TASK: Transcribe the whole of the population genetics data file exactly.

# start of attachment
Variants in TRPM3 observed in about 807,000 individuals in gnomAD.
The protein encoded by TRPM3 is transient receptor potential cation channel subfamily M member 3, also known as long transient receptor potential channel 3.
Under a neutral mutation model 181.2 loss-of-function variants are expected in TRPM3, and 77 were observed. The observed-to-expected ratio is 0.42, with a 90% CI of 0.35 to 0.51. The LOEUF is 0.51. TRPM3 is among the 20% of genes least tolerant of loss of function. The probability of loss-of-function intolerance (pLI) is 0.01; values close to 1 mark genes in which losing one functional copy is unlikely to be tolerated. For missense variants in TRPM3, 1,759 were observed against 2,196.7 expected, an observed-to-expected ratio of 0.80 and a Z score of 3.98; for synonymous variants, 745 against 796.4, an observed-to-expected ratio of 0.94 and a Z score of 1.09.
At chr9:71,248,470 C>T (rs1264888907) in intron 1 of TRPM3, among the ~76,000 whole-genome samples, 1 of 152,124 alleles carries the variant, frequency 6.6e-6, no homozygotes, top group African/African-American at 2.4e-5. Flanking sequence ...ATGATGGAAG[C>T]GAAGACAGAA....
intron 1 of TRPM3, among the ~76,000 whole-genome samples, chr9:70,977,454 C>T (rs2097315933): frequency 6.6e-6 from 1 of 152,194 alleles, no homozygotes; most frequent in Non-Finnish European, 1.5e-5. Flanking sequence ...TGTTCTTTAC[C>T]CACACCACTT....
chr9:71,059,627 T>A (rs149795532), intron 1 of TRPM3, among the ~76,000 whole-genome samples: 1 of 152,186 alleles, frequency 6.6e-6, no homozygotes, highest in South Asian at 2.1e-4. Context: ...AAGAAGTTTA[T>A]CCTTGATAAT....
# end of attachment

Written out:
Variants in TRPM3 observed in about 807,000 individuals in gnomAD.
The protein encoded by TRPM3 is transient receptor potential cation channel subfamily M member 3, also known as long transient receptor potential channel 3.
Under a neutral mutation model 181.2 loss-of-function variants are expected in TRPM3, and 77 were observed. The observed-to-expected ratio is 0.42, with a 90% CI of 0.35 to 0.51. The LOEUF is 0.51. TRPM3 is among the 20% of genes least tolerant of loss of function. The probability of loss-of-function intolerance (pLI) is 0.01; values close to 1 mark genes in which losing one functional copy is unlikely to be tolerated. For missense variants in TRPM3, 1,759 were observed against 2,196.7 expected, an observed-to-expected ratio of 0.80 and a Z score of 3.98; for synonymous variants, 745 against 796.4, an observed-to-expected ratio of 0.94 and a Z score of 1.09.
At chr9:71,248,470 C>T (rs1264888907) in intron 1 of TRPM3, among the ~76,000 whole-genome samples, 1 of 152,124 alleles carries the variant, frequency 6.6e-6, no homozygotes, top group African/African-American at 2.4e-5. Flanking sequence ...ATGATGGAAG[C>T]GAAGACAGAA....
intron 1 of TRPM3, among the ~76,000 whole-genome samples, chr9:70,977,454 C>T (rs2097315933): frequency 6.6e-6 from 1 of 152,194 alleles, no homozygotes; most frequent in Non-Finnish European, 1.5e-5. Flanking sequence ...TGTTCTTTAC[C>T]CACACCACTT....
chr9:71,059,627 T>A (rs149795532), intron 1 of TRPM3, among the ~76,000 whole-genome samples: 1 of 152,186 alleles, frequency 6.6e-6, no homozygotes, highest in South Asian at 2.1e-4. Context: ...AAGAAGTTTA[T>A]CCTTGATAAT....